Holding that the requirements of the regulation are mandatory and binding, the Court noted the various failings of the protestant’s “Affidavit and exhibits” when compared to the requirements of the regulations. It did not matter, the Court said, that the importer’s various discussions and interactions with Customs made it clear that the Customs officials knew what entry was involved, and the nature of the claim. Setting out a strict new rule, the CIT concluded:
“In the past, the Court could have readily concluded that the . . . Affidavit constituted a valid protest, but at present, in order for it to be a valid protest the . . . Affidavit must have met all of the “straightforward” and “not difficult to satisfy” mandatory and regulatory requirements governing the validity of a protest, which it did not.”
Thus, despite the fact that only one entry, one article of commerce, one importer and one claim was at stake, and the fact that the Affidavit undoubtedly communicated to Customs the nature of the importer’s contention, the Court held that because this filing did not meet all regulatory requirements for protests, it could not be entertained as such. The Court dismissed the lawsuit for lack of jurisdiction.
The Bottom Line: Use CBP Form 19
The lesson for importers is that the age of raising protests by means of letters, memos, and other submissions that do not meet the formal requirements of the Customs laws and regulations is over. To have a submission treated as a valid protest, all of the numerous regulatory requirements must be satisfied.
Customs Form 19, whether in paper form or electronic, contains fields for all of the required information. If this form is used, the only possible issues could be the clarity with which the claim is stated. Trade practitioners should counsel their clients to set creativity aside when challenging decisions and just “use the form”.
The Regulatory Requirements
The requirements for filing a valid protest are set out in Section 174.13(a) of the Customs Regulations, which provides:
§ 174.13 Contents of protest.
(a) Contents, in general. A protest shall contain the following information:
(1) The name and address of the protestant, i.e. , the importer of record or consignee, and the name and address of his agent or attorney if signed by one of these;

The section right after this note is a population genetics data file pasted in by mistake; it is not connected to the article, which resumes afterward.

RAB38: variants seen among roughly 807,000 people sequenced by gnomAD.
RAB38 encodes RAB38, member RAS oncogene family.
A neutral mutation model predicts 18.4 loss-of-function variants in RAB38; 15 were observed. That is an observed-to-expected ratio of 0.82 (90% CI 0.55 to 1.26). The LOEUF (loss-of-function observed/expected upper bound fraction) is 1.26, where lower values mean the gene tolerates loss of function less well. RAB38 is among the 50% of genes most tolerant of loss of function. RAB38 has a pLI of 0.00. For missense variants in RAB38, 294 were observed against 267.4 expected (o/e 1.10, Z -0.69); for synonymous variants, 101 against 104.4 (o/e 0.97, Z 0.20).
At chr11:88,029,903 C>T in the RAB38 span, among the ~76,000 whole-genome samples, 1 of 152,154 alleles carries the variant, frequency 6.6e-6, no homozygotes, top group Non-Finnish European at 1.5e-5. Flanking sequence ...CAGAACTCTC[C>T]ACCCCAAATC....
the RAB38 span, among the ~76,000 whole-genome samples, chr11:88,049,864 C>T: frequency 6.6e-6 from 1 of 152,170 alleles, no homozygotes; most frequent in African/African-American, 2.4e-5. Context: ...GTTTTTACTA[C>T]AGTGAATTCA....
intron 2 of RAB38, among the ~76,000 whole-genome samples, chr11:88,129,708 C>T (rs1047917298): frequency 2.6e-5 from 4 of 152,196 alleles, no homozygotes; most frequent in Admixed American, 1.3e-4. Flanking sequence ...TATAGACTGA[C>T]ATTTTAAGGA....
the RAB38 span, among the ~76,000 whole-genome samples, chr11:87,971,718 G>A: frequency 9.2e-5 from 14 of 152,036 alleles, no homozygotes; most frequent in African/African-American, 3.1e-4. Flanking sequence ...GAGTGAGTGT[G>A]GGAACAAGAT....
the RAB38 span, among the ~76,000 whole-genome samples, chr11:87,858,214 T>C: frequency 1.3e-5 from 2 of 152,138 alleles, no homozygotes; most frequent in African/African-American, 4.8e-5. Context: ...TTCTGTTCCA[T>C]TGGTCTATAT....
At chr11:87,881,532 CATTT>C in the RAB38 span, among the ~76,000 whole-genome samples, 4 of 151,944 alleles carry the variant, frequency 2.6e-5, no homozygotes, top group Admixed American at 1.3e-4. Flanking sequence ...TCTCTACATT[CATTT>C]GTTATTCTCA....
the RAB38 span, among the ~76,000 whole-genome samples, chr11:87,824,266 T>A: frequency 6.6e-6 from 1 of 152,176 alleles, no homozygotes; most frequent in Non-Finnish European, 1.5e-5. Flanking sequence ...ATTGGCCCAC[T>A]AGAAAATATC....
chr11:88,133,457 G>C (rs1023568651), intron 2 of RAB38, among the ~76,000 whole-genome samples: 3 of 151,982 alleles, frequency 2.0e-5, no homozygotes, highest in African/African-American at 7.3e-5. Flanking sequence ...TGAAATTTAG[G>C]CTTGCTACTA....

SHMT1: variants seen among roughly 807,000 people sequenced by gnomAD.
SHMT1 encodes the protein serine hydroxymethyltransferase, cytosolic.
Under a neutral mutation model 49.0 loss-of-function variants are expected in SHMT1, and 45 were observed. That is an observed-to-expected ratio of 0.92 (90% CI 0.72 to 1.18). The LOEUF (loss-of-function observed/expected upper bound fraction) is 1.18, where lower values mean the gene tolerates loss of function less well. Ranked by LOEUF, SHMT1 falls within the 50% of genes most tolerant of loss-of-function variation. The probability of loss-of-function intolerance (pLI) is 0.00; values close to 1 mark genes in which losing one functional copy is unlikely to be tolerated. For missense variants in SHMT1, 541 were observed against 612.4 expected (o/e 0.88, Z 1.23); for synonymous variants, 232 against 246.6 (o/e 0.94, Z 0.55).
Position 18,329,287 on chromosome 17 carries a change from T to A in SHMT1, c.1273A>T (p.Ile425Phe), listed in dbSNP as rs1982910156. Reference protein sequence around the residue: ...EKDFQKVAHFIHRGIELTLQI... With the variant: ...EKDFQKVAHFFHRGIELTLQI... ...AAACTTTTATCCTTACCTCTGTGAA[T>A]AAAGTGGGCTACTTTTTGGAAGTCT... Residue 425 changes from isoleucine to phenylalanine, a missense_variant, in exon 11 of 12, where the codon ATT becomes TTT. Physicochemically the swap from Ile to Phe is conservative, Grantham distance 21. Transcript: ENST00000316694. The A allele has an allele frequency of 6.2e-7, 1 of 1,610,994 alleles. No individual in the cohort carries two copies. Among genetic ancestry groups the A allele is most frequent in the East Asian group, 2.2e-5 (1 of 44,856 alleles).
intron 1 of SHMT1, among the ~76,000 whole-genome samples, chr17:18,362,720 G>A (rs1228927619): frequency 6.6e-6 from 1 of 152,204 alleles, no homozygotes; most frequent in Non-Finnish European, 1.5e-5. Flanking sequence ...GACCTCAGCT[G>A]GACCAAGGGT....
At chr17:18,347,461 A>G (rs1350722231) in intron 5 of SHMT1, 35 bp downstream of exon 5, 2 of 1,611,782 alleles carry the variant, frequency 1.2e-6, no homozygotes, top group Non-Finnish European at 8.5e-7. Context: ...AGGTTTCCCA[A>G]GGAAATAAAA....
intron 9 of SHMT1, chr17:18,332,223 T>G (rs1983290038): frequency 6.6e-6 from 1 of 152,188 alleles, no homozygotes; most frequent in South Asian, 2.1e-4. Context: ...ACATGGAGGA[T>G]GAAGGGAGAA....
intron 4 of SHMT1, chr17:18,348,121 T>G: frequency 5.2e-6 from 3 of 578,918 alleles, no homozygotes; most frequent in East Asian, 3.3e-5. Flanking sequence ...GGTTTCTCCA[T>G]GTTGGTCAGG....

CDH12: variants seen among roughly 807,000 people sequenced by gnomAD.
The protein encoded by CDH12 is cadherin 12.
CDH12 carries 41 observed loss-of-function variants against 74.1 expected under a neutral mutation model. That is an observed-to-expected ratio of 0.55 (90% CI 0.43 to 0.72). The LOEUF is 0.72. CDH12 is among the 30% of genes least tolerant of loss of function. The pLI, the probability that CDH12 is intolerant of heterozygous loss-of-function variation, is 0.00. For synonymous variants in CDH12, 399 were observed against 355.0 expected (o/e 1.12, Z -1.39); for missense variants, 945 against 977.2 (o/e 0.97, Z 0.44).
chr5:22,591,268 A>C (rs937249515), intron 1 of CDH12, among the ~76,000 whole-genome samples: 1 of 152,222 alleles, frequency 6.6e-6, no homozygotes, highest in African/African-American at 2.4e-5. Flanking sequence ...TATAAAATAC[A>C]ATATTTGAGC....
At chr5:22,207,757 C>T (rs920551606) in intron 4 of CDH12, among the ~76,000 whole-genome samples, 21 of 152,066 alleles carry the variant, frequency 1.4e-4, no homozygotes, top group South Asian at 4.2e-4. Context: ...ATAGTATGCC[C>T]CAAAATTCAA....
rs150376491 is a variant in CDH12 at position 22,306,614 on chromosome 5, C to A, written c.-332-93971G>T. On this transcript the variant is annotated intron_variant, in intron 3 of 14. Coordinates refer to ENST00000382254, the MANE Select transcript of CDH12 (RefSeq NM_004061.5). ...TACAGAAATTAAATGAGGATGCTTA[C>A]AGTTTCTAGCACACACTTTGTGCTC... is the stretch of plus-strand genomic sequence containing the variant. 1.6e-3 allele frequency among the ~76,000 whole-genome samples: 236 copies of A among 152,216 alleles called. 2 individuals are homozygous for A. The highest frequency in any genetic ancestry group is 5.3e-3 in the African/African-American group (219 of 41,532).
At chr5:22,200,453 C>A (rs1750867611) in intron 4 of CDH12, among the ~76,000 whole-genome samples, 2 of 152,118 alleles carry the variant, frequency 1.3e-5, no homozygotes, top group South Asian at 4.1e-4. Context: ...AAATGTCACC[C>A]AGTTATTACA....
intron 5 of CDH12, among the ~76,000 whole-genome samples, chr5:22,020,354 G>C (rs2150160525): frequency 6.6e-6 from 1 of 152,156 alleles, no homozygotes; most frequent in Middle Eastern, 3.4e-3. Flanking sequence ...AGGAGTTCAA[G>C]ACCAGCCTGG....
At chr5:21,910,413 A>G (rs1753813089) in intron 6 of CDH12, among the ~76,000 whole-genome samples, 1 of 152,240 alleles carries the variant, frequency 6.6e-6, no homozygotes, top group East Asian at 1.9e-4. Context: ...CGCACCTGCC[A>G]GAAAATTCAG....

(2) The importer number of the protestant. If the protestant is represented by an agent having power of attorney, the importer number of the agent shall also be shown;
(3) The number and date of the entry;
(4) The date of liquidation of the entry, or the date of a decision not involving a liquidation or reliquidation;
(5) A specific description of the merchandise affected by the decision as to which protest is made;
(6) The nature of, and justification for the objection set forth distinctly and specifically with respect to each category, payment, claim, decision, or refusal;
(7) The date of receipt and protest number of any protest previously filed that is the subject of a pending application for further review pursuant to subpart C of this part and that is alleged to involve the same merchandise and the same issues, if the protesting party requests disposition in accordance with the action taken on such previously filed protest;
(8) If another party has not filed a timely protest, the surety's protest shall certify that the protest is not being filed collusively to extend another authorized person's time to protest; and
(9) A declaration, to the best of the protestant's knowledge, as to whether the entry is the subject of drawback, or whether the entry has been referenced on a certificate of delivery or certificate of manufacture and delivery so as to enable a party to make such entry the subject of drawback (see §§181.50(b) and 191.81(b) of this chapter).